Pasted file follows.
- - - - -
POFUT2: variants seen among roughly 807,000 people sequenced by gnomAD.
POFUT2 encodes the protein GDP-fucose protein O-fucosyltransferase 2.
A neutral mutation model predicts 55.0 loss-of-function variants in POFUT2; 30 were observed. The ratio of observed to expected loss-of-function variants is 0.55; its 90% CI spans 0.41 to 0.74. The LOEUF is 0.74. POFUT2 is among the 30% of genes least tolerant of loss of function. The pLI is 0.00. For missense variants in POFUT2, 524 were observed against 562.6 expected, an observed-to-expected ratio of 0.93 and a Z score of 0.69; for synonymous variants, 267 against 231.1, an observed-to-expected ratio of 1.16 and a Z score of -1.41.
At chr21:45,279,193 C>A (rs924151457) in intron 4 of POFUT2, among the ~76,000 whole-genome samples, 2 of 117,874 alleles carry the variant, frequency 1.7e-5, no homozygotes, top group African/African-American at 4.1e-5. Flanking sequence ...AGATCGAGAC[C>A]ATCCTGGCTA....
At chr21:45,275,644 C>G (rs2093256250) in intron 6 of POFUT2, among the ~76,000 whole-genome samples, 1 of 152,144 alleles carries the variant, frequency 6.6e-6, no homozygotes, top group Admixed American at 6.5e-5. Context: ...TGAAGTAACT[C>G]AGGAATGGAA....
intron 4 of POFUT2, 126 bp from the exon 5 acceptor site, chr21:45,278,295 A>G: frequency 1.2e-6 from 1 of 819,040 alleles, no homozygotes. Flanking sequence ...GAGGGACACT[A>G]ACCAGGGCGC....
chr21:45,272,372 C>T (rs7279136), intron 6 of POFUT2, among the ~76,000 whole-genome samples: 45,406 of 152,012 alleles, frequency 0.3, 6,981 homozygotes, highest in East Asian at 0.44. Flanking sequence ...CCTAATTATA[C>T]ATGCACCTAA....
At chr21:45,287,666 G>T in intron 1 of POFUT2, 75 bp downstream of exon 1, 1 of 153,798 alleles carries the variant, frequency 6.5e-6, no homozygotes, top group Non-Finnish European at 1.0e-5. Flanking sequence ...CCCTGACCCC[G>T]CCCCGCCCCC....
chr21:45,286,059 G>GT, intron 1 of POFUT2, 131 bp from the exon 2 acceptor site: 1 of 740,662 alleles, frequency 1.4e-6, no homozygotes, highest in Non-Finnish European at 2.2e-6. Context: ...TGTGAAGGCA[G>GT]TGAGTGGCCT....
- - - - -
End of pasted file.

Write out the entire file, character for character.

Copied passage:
POFUT2: variants seen among roughly 807,000 people sequenced by gnomAD.
POFUT2 encodes the protein GDP-fucose protein O-fucosyltransferase 2.
A neutral mutation model predicts 55.0 loss-of-function variants in POFUT2; 30 were observed. The ratio of observed to expected loss-of-function variants is 0.55; its 90% CI spans 0.41 to 0.74. The LOEUF is 0.74. POFUT2 is among the 30% of genes least tolerant of loss of function. The pLI is 0.00. For missense variants in POFUT2, 524 were observed against 562.6 expected, an observed-to-expected ratio of 0.93 and a Z score of 0.69; for synonymous variants, 267 against 231.1, an observed-to-expected ratio of 1.16 and a Z score of -1.41.
At chr21:45,279,193 C>A (rs924151457) in intron 4 of POFUT2, among the ~76,000 whole-genome samples, 2 of 117,874 alleles carry the variant, frequency 1.7e-5, no homozygotes, top group African/African-American at 4.1e-5. Flanking sequence ...AGATCGAGAC[C>A]ATCCTGGCTA....
At chr21:45,275,644 C>G (rs2093256250) in intron 6 of POFUT2, among the ~76,000 whole-genome samples, 1 of 152,144 alleles carries the variant, frequency 6.6e-6, no homozygotes, top group Admixed American at 6.5e-5. Context: ...TGAAGTAACT[C>G]AGGAATGGAA....
intron 4 of POFUT2, 126 bp from the exon 5 acceptor site, chr21:45,278,295 A>G: frequency 1.2e-6 from 1 of 819,040 alleles, no homozygotes. Flanking sequence ...GAGGGACACT[A>G]ACCAGGGCGC....
chr21:45,272,372 C>T (rs7279136), intron 6 of POFUT2, among the ~76,000 whole-genome samples: 45,406 of 152,012 alleles, frequency 0.3, 6,981 homozygotes, highest in East Asian at 0.44. Flanking sequence ...CCTAATTATA[C>T]ATGCACCTAA....
At chr21:45,287,666 G>T in intron 1 of POFUT2, 75 bp downstream of exon 1, 1 of 153,798 alleles carries the variant, frequency 6.5e-6, no homozygotes, top group Non-Finnish European at 1.0e-5. Flanking sequence ...CCCTGACCCC[G>T]CCCCGCCCCC....
chr21:45,286,059 G>GT, intron 1 of POFUT2, 131 bp from the exon 2 acceptor site: 1 of 740,662 alleles, frequency 1.4e-6, no homozygotes, highest in Non-Finnish European at 2.2e-6. Context: ...TGTGAAGGCA[G>GT]TGAGTGGCCT....